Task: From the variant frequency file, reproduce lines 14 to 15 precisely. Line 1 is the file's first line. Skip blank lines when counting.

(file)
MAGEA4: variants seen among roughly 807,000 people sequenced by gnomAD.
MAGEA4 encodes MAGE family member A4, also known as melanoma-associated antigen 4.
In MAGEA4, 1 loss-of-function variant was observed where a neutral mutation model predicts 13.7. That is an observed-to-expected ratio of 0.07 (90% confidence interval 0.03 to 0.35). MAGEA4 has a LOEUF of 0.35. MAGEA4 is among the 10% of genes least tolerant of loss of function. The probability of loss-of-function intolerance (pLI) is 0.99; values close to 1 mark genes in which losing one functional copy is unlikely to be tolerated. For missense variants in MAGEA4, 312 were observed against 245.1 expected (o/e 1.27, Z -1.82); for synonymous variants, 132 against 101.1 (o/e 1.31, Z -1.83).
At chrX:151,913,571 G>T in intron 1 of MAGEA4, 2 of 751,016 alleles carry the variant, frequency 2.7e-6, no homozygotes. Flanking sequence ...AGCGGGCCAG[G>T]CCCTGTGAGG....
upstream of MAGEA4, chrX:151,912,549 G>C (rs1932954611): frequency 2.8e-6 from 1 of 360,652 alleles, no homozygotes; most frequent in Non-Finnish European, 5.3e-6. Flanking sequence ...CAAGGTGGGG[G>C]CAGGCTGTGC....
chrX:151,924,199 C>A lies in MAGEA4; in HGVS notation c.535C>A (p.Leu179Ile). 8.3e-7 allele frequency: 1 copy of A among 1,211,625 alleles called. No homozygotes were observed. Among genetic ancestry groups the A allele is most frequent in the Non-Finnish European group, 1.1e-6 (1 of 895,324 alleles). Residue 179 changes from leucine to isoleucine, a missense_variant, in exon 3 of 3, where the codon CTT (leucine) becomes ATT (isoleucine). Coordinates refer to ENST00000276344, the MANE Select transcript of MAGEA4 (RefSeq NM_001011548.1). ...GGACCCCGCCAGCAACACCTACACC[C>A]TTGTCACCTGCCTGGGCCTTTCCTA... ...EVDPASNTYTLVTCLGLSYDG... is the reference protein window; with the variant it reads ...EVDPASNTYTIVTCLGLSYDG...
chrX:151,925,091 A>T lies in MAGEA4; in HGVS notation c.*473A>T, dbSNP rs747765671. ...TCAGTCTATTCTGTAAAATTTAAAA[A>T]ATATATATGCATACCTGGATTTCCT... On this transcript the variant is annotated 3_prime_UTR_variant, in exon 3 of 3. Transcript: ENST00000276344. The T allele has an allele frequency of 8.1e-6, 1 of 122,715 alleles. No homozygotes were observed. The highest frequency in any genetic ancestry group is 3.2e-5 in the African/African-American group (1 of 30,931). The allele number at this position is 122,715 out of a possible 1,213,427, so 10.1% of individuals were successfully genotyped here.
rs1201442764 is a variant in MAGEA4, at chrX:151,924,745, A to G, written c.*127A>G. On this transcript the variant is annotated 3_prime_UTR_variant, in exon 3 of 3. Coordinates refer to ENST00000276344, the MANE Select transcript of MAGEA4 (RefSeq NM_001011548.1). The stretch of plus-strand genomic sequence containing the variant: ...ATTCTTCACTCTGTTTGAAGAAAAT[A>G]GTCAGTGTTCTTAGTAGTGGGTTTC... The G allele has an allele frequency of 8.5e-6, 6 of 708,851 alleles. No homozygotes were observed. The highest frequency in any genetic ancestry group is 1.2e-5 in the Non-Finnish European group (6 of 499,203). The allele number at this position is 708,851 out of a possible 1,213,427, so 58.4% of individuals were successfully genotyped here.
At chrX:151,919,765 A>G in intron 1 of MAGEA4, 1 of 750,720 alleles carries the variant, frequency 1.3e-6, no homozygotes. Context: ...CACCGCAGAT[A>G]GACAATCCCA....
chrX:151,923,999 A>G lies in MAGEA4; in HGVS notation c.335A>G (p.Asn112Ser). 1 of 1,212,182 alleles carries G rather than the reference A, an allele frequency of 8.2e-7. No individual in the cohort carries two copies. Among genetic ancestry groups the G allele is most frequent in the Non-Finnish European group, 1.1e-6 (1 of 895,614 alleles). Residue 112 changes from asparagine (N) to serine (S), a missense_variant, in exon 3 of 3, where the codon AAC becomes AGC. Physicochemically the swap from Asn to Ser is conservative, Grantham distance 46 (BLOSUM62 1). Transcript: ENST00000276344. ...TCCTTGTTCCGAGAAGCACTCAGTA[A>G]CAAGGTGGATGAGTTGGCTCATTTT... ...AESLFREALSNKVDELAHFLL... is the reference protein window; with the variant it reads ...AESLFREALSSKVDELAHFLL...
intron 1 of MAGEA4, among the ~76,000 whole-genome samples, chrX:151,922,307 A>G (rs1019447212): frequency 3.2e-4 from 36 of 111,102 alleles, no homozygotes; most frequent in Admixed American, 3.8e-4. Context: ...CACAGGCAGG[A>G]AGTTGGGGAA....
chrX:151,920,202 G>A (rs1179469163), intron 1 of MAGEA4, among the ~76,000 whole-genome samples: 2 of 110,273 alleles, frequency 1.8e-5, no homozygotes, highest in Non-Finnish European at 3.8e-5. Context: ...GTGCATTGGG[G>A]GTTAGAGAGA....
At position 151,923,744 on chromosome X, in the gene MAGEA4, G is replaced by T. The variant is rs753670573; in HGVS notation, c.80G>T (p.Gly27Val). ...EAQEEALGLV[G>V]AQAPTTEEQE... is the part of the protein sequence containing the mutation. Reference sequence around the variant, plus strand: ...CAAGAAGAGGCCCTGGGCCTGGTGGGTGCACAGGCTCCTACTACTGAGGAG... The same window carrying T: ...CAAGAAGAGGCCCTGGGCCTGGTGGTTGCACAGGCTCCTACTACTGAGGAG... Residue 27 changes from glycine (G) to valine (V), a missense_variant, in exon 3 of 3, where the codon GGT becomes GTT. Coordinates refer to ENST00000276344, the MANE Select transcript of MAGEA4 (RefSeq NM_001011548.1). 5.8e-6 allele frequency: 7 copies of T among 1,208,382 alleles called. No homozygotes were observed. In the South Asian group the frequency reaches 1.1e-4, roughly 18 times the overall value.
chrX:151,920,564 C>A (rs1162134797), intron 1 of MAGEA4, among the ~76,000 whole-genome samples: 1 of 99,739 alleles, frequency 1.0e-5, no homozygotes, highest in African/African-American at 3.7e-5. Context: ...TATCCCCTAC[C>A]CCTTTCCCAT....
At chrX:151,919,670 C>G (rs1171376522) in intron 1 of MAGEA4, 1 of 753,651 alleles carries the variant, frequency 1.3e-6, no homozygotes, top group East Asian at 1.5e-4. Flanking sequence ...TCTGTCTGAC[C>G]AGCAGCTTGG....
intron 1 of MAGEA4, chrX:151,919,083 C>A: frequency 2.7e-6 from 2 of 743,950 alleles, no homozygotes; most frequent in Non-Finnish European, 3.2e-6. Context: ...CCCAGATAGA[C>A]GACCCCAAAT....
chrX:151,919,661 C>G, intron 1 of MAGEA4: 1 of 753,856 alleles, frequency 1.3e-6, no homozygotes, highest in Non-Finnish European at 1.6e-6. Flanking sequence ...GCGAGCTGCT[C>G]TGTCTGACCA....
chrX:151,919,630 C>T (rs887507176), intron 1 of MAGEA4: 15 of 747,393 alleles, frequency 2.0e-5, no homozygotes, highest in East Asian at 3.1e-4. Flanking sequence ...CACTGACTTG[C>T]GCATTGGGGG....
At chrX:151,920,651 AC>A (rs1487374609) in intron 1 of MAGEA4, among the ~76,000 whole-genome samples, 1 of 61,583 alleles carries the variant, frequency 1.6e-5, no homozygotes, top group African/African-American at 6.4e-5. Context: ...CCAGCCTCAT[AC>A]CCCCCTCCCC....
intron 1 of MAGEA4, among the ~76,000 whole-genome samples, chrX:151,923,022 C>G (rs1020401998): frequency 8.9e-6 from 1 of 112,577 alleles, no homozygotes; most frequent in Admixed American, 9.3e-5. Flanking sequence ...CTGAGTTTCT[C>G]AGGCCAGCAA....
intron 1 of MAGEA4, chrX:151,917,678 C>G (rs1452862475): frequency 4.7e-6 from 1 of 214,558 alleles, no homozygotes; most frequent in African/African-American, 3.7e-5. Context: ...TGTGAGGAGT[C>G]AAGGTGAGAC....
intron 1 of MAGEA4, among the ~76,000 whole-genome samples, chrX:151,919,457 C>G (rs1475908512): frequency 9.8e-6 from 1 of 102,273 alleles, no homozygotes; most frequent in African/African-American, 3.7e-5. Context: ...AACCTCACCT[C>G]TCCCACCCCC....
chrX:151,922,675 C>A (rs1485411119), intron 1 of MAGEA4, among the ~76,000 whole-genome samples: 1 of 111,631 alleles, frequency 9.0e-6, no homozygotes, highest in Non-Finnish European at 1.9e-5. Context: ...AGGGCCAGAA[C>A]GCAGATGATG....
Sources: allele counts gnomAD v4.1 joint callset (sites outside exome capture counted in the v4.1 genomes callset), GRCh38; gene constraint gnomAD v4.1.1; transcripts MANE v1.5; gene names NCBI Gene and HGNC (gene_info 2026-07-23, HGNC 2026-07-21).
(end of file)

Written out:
chrX:151,920,564 C>A (rs1162134797), intron 1 of MAGEA4, among the ~76,000 whole-genome samples: 1 of 99,739 alleles, frequency 1.0e-5, no homozygotes, highest in African/African-American at 3.7e-5. Context: ...TATCCCCTAC[C>A]CCTTTCCCAT....
At chrX:151,919,670 C>G (rs1171376522) in intron 1 of MAGEA4, 1 of 753,651 alleles carries the variant, frequency 1.3e-6, no homozygotes, top group East Asian at 1.5e-4. Flanking sequence ...TCTGTCTGAC[C>G]AGCAGCTTGG....